The State of Israel
On November 4, Israeli Prime Minister Yitzhak Rabin was assassinated by an Israeli law student. The assassination of a key player in world affairs is always a traumatic and destabilizing event--especially when the fallen figure, like Yitzhak Rabin, had established himself as a force for peace in a volatile area. For many, however, what is deeply upsetting about this most recent assassination is that Rabin was murdered by one of his own--a fellow Jew and Israeli citizen. For the state of Israel represents as much the embodiment of an ethno-cultural vision and shared spiritual project as it does a geographical or political entity; many Jews regard their return to Israel as a fulfillment of Scripture, a homecoming to a land of healing and empowerment.
Through the years a number of contributors to The Atlantic have reported on various aspects of the spiritual-national project that is Israel. What these pieces most emphatically convey is the depth of meaning that Israel holds for its citizens, and the depth of their commitment to its well-being. "The Kingdom of the Spirit" (Atlantic, November, 1961) by David Ben-Gurion, Israel's first prime minister, explains that, far more than a mere "national and political unit," Israel is to become a spiritual arena in which "a new way toward freedom, peace, justice, and equality, the advancement and redemption of humanity" will be "point[ed] out to the world."
In "Israel: Young Blood and Old" (Atlantic, October, 1949), the American artist George Biddle recounts his visit to Israel only a year after its official establishment. He explains that what most impressed him was the sense of mission and spiritual purpose that animated its citizens: "the real excitement has been to watch in its early germination a social and moral experiment in government. . . . Often I think, too, of the same mental eagerness, democratic simplicity, pride, and prophetic sense of fulfilling a world mission that shine through the writings of Americans at the birth of our country." His observations, however, while detailed and vivid, reflect a somewhat anachronistic viewpoint and considerable prejudice against the displaced Arabs.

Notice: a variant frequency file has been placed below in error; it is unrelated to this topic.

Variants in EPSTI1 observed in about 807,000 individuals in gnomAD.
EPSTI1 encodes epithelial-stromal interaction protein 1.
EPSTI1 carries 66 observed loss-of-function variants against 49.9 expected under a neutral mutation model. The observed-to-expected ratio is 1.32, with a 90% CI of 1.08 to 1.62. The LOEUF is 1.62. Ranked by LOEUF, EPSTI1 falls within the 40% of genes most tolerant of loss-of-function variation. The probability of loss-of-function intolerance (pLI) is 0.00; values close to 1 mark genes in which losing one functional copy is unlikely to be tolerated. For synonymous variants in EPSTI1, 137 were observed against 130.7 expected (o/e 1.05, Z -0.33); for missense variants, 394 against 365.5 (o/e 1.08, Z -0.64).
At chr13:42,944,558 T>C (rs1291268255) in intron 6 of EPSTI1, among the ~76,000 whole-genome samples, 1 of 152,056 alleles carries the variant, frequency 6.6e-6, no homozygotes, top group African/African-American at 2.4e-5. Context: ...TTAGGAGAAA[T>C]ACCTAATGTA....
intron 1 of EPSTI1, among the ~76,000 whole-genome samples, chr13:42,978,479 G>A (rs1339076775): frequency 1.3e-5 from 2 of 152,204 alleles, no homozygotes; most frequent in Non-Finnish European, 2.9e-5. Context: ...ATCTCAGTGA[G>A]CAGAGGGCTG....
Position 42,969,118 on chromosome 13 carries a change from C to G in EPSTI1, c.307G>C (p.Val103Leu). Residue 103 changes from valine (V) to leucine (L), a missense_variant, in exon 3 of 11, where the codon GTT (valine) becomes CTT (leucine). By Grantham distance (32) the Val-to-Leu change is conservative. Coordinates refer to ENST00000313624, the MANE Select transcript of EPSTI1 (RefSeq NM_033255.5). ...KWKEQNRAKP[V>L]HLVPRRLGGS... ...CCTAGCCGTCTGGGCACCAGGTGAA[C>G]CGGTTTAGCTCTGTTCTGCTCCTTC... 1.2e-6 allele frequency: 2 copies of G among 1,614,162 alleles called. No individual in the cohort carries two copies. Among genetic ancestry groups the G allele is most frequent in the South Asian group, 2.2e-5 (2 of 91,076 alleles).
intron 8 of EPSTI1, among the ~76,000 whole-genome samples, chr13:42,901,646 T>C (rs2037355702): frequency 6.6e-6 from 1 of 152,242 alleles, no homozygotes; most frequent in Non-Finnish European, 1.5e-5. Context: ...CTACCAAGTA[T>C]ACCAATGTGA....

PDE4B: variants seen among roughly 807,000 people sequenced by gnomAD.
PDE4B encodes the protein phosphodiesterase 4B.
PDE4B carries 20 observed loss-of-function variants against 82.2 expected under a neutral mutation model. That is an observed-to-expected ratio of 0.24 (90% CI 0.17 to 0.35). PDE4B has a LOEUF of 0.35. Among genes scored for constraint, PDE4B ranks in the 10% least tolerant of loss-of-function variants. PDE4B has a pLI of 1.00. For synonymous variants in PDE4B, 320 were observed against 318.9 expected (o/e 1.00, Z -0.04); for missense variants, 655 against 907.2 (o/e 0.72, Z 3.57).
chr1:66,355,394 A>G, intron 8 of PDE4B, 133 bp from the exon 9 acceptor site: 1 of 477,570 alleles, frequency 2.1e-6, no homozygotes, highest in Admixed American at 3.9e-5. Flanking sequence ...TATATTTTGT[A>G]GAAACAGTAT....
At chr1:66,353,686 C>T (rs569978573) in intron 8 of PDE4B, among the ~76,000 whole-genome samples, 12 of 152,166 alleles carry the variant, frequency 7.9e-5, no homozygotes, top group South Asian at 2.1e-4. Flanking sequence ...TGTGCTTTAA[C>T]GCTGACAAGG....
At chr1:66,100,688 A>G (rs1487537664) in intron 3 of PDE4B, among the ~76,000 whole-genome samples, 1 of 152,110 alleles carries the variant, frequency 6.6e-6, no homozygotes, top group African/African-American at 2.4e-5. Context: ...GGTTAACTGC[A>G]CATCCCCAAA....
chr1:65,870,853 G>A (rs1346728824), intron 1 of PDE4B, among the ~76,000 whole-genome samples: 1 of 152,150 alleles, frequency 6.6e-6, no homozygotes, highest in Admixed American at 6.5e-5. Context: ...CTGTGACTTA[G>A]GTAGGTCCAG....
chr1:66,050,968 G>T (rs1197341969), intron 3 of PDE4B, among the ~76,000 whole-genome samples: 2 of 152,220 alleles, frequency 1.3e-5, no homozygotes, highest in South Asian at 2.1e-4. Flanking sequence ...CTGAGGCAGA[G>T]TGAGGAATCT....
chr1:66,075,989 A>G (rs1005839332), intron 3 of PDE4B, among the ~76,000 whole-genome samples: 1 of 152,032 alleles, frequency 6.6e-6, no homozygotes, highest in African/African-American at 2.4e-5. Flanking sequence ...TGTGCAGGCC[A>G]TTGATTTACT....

Jon Kimche's "Israel in 1965" (Atlantic, November, 1961) speculates about Israel's national and international status four years into the future. He points out that prime minister Ben-Gurion had emphasized from the outset that Israel is an ongoing project, and that its citizens must not become complacent lest they find themselves unprepared to address some new adversity.
New adversities have, in fact, arisen with some regularity throughout Israel's brief history; not surprising for a nation surrounded by enemies in a politically unstable region. The success of recent Arab-Israeli negotiations, however, seemed to suggest an easing of tensions. In "Lions in Winter," (Atlantic, January, 1993), Ze'ev Schiff and Ehud Ya'ari suggest that three of today's Middle Eastern leaders might finally be capable of achieving a workable compromise. "Whether or not . . . negotiations will end the long and brutal Israeli-Arab conflict essentially rests in the hands of just three people: Israeli Prime Minister Yitzhak Rabin, Syrian President Hafez al-Assad, and Chairman of the Palestine Liberation Organization . . . Yasser Arafat."
Now one of these men is dead, killed by an assassin's bullets. Are peace and compromise in jeopardy? Who will lead Israel and what political stance will the country adopt? By his own account, the assassin acted out of a fierce and protective love of his country that he felt was being betrayed by compromises with the Arabs: "I acted alone on God's orders," he said, "and I have no regrets." Will the peace process continue to progress undeterred from its present course? Or will this event turn out to be a historical turning point, touching off new, explosive conflict?
"Happy Birthday to Israel" by Ephraim Kishon.
See the Flashbacks archive
See the A Century of Zionism
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